Pay attention to your dog’s behaviors that will let you know when they’re getting ready to go. If you see them sniffing or circling, those are pretty good signs that something’s about to happen. Act quick! It's better to grab them and take them outside than have them pee in your house. 

When you take your puppy outside to potty, try and take them to the same spot each time — this will most likely become their designated spot. Puppies younger than 6 months may want go out every 2 hours or so, and as they get older you can stretch this out to 3 to 5 times a day.

These potty training tips are going to go a long way in setting both you and your pooch up for potty training success.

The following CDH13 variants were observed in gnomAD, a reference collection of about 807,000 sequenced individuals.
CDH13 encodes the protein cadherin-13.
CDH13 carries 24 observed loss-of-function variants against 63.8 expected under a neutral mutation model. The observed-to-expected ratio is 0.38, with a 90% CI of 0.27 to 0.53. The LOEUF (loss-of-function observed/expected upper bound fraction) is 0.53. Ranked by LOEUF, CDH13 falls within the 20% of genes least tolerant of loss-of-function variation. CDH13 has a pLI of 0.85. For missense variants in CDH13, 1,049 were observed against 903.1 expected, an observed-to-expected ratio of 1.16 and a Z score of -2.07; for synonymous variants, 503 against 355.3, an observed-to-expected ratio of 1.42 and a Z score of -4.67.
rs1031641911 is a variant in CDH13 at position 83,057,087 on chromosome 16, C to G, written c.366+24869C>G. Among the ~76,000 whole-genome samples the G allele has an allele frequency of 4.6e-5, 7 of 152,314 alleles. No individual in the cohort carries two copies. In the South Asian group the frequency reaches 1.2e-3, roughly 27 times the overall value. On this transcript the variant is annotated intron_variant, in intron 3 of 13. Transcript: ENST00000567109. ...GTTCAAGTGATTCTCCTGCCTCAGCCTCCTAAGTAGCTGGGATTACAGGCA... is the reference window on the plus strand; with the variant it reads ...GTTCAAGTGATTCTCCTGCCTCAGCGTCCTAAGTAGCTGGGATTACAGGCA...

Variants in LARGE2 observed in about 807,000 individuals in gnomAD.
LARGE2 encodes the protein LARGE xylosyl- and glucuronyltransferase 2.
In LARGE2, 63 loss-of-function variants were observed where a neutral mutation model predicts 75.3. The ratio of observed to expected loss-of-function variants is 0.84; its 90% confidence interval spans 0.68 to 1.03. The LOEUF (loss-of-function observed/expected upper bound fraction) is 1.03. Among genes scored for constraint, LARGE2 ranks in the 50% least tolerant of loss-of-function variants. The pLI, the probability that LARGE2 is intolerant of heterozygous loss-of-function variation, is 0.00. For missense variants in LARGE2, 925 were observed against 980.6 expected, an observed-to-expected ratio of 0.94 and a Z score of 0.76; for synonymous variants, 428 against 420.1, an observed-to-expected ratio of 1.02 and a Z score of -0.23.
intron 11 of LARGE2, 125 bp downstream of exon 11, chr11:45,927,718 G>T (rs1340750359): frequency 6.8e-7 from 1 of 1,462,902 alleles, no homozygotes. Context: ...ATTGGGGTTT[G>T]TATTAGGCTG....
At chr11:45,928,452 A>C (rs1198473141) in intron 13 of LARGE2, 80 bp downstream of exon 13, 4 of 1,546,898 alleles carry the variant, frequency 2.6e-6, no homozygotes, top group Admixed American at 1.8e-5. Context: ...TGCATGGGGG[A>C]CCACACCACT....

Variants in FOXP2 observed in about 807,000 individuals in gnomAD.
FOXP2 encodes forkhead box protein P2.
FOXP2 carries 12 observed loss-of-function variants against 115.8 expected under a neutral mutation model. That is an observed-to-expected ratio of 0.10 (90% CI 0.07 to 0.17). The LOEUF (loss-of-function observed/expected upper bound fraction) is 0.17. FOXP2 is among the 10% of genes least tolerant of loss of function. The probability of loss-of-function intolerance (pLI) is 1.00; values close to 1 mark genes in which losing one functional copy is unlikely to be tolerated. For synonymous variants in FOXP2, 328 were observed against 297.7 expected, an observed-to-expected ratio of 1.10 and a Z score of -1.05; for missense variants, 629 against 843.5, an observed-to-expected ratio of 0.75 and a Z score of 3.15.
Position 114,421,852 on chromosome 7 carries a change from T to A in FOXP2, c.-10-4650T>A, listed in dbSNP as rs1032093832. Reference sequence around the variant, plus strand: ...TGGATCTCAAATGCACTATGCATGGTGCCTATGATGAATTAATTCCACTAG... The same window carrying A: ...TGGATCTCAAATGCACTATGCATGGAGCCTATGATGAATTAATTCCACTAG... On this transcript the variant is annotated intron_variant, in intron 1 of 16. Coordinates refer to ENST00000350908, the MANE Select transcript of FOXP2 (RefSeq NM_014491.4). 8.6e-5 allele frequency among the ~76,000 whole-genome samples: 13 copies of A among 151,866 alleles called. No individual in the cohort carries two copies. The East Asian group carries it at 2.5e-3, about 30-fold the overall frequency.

Some tips that will go a long way.

  •  Start every day with a toilet break outside

Do not pass ‘Go’, do not collect $200 (or make coffee or brush your teeth). Head straight outside to the usual spot for your pup to potty. If your pup starts doing their business before you make it outside, pick them up and rush them to their spot to reinforce their association of where it is okay to potty.

  • Take your pup out IMMEDIATELY after meals

Wait typically between 2-5 minutes. Sometimes as long as 10 minutes (keep an eye out for those signs we discussed) and then take your pupper out. The younger the puppy, the sooner they should go out after eating or drinking.

  • Potty train your pup IMMEDIATELY after naps and playing

Nap times and playtime and any time spent in the crate (more on this later) should also be followed up with a trip outside. Again, watch for those signs that doggy needs to go so you can preempt any accidents. Prevention is preferred!

  • Your last visit outside for the day should always be right before bedtime

 Don’t wait too long between toilet breaks. The general rule of thumb is your puppy can hold it one hour for every month old they are — this will give you the maximum time in hours that your pup can go between toilet breaks.